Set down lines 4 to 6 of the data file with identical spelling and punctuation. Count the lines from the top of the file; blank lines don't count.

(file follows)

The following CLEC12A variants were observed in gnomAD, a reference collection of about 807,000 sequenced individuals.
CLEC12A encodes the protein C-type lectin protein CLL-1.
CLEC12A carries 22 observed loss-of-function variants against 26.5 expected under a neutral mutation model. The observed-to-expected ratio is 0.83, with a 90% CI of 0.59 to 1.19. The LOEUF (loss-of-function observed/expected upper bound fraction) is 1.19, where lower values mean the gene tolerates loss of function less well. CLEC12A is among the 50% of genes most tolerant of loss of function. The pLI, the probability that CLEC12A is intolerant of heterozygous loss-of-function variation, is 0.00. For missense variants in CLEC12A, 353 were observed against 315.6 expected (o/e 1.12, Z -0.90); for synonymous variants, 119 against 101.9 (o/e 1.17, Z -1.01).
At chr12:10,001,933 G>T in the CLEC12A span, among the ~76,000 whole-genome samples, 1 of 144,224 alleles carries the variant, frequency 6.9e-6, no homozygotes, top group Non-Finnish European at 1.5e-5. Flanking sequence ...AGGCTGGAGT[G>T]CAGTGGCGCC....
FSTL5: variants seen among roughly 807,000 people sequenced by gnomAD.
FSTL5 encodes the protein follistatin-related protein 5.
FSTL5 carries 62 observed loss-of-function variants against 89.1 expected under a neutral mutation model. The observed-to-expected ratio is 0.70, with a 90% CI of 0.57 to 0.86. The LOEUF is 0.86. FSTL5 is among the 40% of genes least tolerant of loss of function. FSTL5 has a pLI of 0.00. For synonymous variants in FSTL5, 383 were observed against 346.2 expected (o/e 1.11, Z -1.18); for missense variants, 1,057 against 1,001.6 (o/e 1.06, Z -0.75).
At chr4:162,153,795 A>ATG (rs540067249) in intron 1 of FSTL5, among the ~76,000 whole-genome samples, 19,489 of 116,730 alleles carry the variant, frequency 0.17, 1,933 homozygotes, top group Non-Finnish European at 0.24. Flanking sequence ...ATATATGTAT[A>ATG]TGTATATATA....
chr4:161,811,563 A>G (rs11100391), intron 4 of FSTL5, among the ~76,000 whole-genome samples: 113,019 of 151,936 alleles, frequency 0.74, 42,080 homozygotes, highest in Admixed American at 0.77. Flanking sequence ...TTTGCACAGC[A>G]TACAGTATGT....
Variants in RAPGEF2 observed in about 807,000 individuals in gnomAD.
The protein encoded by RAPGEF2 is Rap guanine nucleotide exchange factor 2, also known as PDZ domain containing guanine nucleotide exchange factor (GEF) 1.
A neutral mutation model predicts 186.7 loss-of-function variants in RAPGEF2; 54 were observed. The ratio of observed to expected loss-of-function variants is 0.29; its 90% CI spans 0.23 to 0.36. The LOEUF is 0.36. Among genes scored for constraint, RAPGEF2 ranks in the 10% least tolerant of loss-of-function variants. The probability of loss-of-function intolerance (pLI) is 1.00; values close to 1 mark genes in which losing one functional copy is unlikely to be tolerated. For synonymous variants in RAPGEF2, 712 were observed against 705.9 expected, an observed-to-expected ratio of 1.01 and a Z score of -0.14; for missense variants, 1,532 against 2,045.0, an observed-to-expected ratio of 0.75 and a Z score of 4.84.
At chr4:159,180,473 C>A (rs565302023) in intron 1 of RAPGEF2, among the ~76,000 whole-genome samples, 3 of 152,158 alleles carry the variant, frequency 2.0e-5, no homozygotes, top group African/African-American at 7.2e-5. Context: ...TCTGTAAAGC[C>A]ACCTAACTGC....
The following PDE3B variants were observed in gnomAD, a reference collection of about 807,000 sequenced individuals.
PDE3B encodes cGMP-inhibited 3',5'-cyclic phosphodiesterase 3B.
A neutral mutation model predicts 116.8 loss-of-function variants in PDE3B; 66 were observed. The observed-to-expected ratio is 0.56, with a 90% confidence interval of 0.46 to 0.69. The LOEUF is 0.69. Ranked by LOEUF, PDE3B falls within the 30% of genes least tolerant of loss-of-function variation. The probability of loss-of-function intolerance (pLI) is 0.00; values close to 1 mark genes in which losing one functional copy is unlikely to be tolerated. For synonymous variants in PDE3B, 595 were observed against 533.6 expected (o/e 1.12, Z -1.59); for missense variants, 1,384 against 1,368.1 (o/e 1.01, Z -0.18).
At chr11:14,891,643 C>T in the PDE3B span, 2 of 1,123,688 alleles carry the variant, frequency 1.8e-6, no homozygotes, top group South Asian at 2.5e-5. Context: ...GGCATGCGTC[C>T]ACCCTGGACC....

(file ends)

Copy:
At chr12:10,001,933 G>T in the CLEC12A span, among the ~76,000 whole-genome samples, 1 of 144,224 alleles carries the variant, frequency 6.9e-6, no homozygotes, top group Non-Finnish European at 1.5e-5. Flanking sequence ...AGGCTGGAGT[G>T]CAGTGGCGCC....
FSTL5: variants seen among roughly 807,000 people sequenced by gnomAD.
FSTL5 encodes the protein follistatin-related protein 5.